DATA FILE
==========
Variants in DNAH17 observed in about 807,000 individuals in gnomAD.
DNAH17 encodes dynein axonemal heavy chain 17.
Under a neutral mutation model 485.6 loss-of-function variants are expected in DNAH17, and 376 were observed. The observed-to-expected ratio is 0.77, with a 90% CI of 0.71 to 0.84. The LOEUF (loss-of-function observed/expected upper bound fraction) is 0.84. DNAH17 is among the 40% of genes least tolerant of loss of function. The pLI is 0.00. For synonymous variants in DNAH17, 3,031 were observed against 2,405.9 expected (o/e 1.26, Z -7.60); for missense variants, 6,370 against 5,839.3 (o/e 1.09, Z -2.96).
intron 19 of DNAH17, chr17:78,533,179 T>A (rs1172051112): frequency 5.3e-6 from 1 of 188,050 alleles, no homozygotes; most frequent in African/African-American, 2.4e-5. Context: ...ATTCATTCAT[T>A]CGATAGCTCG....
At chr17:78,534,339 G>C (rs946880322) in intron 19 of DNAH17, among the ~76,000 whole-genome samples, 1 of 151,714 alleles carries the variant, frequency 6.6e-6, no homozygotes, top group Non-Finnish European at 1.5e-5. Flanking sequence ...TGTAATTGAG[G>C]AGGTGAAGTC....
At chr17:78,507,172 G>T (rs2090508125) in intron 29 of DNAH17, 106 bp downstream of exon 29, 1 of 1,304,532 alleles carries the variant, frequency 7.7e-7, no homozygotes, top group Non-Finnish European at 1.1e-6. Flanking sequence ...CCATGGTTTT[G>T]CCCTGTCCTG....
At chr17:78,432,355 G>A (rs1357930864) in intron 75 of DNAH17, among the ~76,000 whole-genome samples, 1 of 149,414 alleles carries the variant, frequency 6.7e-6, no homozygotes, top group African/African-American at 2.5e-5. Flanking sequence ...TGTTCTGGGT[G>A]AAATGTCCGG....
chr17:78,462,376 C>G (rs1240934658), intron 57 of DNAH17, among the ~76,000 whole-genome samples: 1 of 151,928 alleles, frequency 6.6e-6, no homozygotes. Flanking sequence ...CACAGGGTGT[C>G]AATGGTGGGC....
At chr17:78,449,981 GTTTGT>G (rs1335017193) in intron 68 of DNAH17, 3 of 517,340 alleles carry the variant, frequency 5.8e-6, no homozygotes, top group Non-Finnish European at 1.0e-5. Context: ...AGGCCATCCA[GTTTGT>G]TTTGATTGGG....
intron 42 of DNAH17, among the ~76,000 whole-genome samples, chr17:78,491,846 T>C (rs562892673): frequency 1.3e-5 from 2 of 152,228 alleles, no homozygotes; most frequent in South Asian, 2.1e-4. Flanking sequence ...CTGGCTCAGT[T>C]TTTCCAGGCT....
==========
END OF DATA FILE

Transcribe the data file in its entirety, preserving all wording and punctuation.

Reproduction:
Variants in DNAH17 observed in about 807,000 individuals in gnomAD.
DNAH17 encodes dynein axonemal heavy chain 17.
Under a neutral mutation model 485.6 loss-of-function variants are expected in DNAH17, and 376 were observed. The observed-to-expected ratio is 0.77, with a 90% CI of 0.71 to 0.84. The LOEUF (loss-of-function observed/expected upper bound fraction) is 0.84. DNAH17 is among the 40% of genes least tolerant of loss of function. The pLI is 0.00. For synonymous variants in DNAH17, 3,031 were observed against 2,405.9 expected (o/e 1.26, Z -7.60); for missense variants, 6,370 against 5,839.3 (o/e 1.09, Z -2.96).
intron 19 of DNAH17, chr17:78,533,179 T>A (rs1172051112): frequency 5.3e-6 from 1 of 188,050 alleles, no homozygotes; most frequent in African/African-American, 2.4e-5. Context: ...ATTCATTCAT[T>A]CGATAGCTCG....
At chr17:78,534,339 G>C (rs946880322) in intron 19 of DNAH17, among the ~76,000 whole-genome samples, 1 of 151,714 alleles carries the variant, frequency 6.6e-6, no homozygotes, top group Non-Finnish European at 1.5e-5. Flanking sequence ...TGTAATTGAG[G>C]AGGTGAAGTC....
At chr17:78,507,172 G>T (rs2090508125) in intron 29 of DNAH17, 106 bp downstream of exon 29, 1 of 1,304,532 alleles carries the variant, frequency 7.7e-7, no homozygotes, top group Non-Finnish European at 1.1e-6. Flanking sequence ...CCATGGTTTT[G>T]CCCTGTCCTG....
At chr17:78,432,355 G>A (rs1357930864) in intron 75 of DNAH17, among the ~76,000 whole-genome samples, 1 of 149,414 alleles carries the variant, frequency 6.7e-6, no homozygotes, top group African/African-American at 2.5e-5. Flanking sequence ...TGTTCTGGGT[G>A]AAATGTCCGG....
chr17:78,462,376 C>G (rs1240934658), intron 57 of DNAH17, among the ~76,000 whole-genome samples: 1 of 151,928 alleles, frequency 6.6e-6, no homozygotes. Flanking sequence ...CACAGGGTGT[C>G]AATGGTGGGC....
At chr17:78,449,981 GTTTGT>G (rs1335017193) in intron 68 of DNAH17, 3 of 517,340 alleles carry the variant, frequency 5.8e-6, no homozygotes, top group Non-Finnish European at 1.0e-5. Context: ...AGGCCATCCA[GTTTGT>G]TTTGATTGGG....
intron 42 of DNAH17, among the ~76,000 whole-genome samples, chr17:78,491,846 T>C (rs562892673): frequency 1.3e-5 from 2 of 152,228 alleles, no homozygotes; most frequent in South Asian, 2.1e-4. Flanking sequence ...CTGGCTCAGT[T>C]TTTCCAGGCT....